Concluded

The penultimate episode of THE RETURN OF CHANDU is called The Upraised Knife and the final episode is called The Knife Descends which, given all that’s gone before, suggested to me an entire episode devoted to a knife being raised and one that’s all about it being lowered again.

Which isn’t what happened — the shows were slightly more eventful than that. The most surprising moment was when Princess Nadji was called upon to renounce her love for Chandu in exchange for him and his family/chums being freed — and she does. And so they just walk away. It feels really weird, like the makers decided not to have a climax at all, and just have everyone decide to live and let live (except the princess, who is to be merged, soul-wise, with the body of the late Lemurian cultist Ossana).

Then somehow or other the heroes get attacked by savages by the white witch with the white beard saves them, and now they go right back to the Ubasti temple to sort things out. As part of the ceremony, Nadki and Ossana have been dressed identically, so white beard man just waltzes in and swaps their prone forms around when nobody is looking. The ceremony starts and the wrong body — Ossana’s — is consigned to the sacrificial fire (the one Uncle Frank Chandu saw visions of previous episodes in. Are you getting all this?

A short while before, Uncle Chandu had a discussion with his discorporeal yogi about the possibility of invoking some kind of ultimate spell — one that dooms the speller if he acts selfishly. In order to circumvent this, Frankie C. renounces Nadja, then casts the spell and the roof falls in. The good guys escape, the bad guys don’t. The big stone statue of the cat-god Ubasti slowly topples forward, another Crushing Rock.

Then, having renounced their renunciation, Francis and Nadja can be together. I thought it was going to be like The End of the Affair, and they’d never be allowed to see each other again. But no: for perhaps the only time in screen history, unless you know of another case, Bela Lugosi gets the girl.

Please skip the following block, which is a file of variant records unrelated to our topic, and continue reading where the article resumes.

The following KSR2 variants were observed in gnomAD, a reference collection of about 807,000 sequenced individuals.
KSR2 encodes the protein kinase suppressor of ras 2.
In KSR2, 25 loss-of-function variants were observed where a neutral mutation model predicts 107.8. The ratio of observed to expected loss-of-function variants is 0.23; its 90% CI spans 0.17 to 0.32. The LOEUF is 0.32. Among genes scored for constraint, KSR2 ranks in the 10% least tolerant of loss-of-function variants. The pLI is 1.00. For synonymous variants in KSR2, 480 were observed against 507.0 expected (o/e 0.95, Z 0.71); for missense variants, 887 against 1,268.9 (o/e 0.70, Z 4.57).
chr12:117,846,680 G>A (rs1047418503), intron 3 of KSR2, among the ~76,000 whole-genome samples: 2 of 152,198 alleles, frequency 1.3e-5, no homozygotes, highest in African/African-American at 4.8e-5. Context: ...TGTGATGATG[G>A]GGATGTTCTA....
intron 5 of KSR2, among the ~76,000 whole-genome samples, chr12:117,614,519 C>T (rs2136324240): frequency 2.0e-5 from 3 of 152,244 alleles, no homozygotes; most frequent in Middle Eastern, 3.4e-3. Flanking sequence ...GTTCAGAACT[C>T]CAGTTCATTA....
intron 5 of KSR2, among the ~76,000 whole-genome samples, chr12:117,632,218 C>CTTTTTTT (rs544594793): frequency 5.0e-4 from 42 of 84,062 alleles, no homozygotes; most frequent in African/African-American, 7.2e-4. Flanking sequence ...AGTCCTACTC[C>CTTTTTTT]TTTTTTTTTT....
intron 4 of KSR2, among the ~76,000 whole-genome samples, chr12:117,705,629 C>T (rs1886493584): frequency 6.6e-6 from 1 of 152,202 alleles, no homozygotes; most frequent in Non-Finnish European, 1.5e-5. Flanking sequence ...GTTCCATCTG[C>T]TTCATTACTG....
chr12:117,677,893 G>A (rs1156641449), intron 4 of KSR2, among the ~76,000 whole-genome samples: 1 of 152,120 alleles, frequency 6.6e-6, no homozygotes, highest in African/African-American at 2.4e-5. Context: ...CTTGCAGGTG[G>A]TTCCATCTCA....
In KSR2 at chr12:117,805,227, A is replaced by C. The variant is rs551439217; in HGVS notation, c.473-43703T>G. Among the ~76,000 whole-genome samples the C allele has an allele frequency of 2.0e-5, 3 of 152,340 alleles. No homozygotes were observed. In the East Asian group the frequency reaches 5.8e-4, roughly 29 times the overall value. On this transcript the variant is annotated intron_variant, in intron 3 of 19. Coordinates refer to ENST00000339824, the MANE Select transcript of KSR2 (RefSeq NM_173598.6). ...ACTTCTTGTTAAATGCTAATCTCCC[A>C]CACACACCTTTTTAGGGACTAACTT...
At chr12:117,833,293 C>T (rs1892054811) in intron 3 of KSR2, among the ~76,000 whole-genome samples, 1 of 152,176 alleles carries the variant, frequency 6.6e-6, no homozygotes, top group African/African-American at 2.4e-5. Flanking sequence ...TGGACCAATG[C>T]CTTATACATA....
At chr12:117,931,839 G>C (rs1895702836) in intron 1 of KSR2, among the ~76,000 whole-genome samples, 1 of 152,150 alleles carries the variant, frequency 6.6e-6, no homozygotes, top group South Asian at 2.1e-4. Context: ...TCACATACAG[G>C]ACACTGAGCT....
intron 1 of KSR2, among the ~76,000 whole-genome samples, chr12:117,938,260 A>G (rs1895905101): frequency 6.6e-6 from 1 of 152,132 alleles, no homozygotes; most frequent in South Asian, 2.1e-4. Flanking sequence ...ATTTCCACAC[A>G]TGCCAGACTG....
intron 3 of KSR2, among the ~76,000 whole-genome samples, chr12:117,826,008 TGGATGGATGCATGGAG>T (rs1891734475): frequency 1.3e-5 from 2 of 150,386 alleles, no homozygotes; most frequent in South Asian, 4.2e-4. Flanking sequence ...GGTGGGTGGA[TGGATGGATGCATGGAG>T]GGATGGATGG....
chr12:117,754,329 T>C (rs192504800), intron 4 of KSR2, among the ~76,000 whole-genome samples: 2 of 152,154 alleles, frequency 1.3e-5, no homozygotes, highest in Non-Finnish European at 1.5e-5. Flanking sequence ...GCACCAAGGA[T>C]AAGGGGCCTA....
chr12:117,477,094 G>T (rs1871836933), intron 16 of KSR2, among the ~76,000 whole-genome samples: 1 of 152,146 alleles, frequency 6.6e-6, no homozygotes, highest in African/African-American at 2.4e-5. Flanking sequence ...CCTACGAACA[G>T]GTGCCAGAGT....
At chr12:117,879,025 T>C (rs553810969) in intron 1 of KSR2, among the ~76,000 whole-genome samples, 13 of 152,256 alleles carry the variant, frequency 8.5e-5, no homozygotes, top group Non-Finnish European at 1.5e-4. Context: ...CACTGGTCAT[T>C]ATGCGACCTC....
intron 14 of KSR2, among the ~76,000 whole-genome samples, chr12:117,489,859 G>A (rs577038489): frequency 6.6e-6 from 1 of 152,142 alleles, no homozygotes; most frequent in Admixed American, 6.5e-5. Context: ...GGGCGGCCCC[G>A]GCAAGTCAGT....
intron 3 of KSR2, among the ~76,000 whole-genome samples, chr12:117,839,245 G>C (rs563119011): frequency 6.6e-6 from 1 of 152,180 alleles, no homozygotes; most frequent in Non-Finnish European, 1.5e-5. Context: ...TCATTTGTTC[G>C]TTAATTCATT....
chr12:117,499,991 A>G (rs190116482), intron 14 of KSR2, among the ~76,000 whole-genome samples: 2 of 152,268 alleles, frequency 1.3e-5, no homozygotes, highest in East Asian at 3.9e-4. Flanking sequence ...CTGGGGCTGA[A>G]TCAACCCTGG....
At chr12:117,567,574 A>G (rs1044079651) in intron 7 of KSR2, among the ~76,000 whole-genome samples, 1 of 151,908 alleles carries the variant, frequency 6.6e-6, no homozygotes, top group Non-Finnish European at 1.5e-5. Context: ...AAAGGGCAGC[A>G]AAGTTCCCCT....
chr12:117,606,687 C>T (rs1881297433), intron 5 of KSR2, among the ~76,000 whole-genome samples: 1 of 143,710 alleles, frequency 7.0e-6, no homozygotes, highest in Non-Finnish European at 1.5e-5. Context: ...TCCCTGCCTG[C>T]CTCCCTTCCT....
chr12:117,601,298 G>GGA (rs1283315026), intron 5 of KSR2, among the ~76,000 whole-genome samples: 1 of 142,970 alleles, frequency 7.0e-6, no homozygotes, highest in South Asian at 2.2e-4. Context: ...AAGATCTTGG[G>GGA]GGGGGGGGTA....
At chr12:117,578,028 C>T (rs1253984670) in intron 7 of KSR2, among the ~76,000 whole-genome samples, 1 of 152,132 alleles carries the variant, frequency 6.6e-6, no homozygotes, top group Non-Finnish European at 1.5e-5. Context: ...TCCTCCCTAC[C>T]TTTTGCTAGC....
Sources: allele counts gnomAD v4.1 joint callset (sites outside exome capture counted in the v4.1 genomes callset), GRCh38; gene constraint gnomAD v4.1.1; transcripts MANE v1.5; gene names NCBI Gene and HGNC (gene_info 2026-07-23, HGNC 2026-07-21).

I believe THE RETURN OF CHANDU stands as an important example of how music can be used — slow music during fast scenes, to make them more slow and boring, and fast music during slow scenes, which has the counter-intuitive effect of making THEM more slow and boring. The fast music emphasises how slowly the action is progressing.

Of course, if things are in danger of getting too exciting even when the music has been larded on, you can always bring in Uncle Frank’s nephew and niece, who make everything tedious.

2 Responses to “Concluded”

  1. bensondonald Says:

    In my experience a lot of serials end lamely: An offhand wrap-up of the plot, an unfunny gag with a sidekick, and just maybe the hero smiling at the heroine (Flash Gordon and Dale clinching was a singularity). My theory is that they were consciously lowering the bar for the next serial, usually a product of the same studio. Evidently some theaters would debut the first chapter of the new one on the same bill with the last chapter of the old one. An otherwise lively Dick Tracy serial spent much of the final episode with Dick walking a prisoner across a desert.

    A favorite bit of serial music: Just after the credits with their hugga-bugga savage jungle theme, we get stock footage of Nazi Germany with a snip of wonderfully inappropriate music:

  2. Chandu has this strangely undramatic belly-dancer score over the main titles — a rephrasing of the exotic bit from The Nutcracker Suite, I’d say, intended to sound mystic and eastern. Just as the name of the episode is announced it goes all genteel and afternoon tea-like.

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